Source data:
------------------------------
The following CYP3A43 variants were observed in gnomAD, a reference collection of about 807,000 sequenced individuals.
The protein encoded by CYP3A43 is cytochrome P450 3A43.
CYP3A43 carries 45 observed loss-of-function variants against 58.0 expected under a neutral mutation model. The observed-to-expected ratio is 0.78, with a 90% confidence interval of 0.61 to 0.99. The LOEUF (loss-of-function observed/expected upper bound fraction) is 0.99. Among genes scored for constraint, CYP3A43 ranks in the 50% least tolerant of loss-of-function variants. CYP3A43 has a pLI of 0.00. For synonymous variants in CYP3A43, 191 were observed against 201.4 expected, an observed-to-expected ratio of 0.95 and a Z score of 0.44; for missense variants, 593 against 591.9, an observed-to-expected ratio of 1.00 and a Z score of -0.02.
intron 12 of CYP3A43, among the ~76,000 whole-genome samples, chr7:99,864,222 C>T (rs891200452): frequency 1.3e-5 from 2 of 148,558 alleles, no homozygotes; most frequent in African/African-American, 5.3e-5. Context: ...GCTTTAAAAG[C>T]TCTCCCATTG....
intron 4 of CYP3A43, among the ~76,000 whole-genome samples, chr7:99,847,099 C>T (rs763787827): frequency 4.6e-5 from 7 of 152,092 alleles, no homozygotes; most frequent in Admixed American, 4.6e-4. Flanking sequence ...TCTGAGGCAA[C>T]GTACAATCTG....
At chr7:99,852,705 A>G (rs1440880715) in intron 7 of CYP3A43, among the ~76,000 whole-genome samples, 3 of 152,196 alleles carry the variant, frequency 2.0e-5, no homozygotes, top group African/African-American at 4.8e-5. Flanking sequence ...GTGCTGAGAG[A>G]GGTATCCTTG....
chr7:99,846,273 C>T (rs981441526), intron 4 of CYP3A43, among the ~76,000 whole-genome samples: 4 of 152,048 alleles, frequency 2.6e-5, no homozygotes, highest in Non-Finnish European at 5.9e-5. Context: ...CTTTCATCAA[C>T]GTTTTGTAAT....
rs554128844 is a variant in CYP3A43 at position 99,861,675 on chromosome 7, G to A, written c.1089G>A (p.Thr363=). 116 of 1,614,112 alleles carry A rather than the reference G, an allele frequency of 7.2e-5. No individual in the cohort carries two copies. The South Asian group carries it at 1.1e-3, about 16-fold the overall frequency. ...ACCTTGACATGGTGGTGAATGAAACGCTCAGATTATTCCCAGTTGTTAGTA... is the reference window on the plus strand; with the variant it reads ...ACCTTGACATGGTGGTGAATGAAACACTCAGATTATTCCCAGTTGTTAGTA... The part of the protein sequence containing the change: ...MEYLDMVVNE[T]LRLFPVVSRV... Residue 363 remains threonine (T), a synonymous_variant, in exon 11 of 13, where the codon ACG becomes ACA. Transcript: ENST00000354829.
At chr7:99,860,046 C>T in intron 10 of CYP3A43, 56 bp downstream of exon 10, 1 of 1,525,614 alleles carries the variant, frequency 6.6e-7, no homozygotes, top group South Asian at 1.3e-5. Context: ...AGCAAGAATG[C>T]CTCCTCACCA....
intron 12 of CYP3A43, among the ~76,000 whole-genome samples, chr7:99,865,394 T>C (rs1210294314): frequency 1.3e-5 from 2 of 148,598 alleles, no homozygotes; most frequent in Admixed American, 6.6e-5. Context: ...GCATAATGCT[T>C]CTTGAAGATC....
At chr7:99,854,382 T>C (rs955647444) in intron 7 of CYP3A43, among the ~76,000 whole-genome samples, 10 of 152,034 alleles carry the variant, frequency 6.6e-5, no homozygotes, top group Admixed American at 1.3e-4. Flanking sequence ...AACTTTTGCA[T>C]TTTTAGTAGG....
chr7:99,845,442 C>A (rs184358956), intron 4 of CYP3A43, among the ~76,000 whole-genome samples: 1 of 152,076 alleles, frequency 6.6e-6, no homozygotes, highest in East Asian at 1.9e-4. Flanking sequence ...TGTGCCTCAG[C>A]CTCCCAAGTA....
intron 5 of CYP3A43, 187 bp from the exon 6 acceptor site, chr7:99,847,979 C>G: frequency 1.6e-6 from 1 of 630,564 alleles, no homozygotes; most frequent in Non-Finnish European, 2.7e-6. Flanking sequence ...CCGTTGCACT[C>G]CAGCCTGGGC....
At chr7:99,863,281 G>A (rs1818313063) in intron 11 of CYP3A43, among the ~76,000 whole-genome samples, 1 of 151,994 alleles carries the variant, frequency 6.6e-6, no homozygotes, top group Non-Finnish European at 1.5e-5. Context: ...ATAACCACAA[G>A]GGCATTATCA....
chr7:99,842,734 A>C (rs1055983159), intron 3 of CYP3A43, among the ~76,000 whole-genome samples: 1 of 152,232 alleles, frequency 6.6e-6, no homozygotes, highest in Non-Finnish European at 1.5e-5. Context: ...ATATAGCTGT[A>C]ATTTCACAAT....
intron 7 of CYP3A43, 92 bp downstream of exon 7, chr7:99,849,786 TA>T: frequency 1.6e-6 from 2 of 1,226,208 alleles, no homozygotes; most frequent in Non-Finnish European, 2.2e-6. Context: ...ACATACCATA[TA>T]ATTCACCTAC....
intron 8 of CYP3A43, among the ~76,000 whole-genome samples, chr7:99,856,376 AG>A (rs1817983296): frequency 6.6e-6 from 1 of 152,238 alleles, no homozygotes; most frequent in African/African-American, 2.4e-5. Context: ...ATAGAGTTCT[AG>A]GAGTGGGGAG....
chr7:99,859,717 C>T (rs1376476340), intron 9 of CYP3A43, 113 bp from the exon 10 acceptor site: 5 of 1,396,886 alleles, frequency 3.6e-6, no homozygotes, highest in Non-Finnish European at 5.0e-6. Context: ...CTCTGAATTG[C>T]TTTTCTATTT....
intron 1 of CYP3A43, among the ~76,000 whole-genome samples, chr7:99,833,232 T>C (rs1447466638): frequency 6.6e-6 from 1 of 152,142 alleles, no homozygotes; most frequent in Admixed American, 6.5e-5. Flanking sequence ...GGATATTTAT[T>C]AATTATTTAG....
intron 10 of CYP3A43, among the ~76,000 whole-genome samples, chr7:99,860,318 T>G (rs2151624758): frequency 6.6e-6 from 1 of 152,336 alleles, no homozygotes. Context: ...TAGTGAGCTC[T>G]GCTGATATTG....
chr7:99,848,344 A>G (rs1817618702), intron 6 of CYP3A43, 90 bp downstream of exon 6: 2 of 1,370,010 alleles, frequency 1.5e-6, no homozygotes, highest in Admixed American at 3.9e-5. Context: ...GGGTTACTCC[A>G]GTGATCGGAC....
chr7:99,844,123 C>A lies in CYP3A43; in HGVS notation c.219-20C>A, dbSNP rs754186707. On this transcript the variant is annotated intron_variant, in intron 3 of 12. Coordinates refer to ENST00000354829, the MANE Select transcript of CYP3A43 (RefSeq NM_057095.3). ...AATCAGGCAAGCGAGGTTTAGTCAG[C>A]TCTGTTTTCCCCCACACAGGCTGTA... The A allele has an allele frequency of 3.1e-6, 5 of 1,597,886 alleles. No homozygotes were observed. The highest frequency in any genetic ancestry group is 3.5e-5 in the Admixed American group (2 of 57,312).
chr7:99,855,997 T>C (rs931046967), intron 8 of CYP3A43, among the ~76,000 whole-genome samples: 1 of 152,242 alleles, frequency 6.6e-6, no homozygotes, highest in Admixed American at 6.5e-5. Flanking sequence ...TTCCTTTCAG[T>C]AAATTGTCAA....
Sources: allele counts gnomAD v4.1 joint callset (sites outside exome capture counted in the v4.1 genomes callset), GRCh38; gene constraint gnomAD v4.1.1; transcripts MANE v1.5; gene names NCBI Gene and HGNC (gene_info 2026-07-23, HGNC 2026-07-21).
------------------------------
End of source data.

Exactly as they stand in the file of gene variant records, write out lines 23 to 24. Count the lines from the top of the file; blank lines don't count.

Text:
chr7:99,855,997 T>C (rs931046967), intron 8 of CYP3A43, among the ~76,000 whole-genome samples: 1 of 152,242 alleles, frequency 6.6e-6, no homozygotes, highest in Admixed American at 6.5e-5. Flanking sequence ...TTCCTTTCAG[T>C]AAATTGTCAA....
Sources: allele counts gnomAD v4.1 joint callset (sites outside exome capture counted in the v4.1 genomes callset), GRCh38; gene constraint gnomAD v4.1.1; transcripts MANE v1.5; gene names NCBI Gene and HGNC (gene_info 2026-07-23, HGNC 2026-07-21).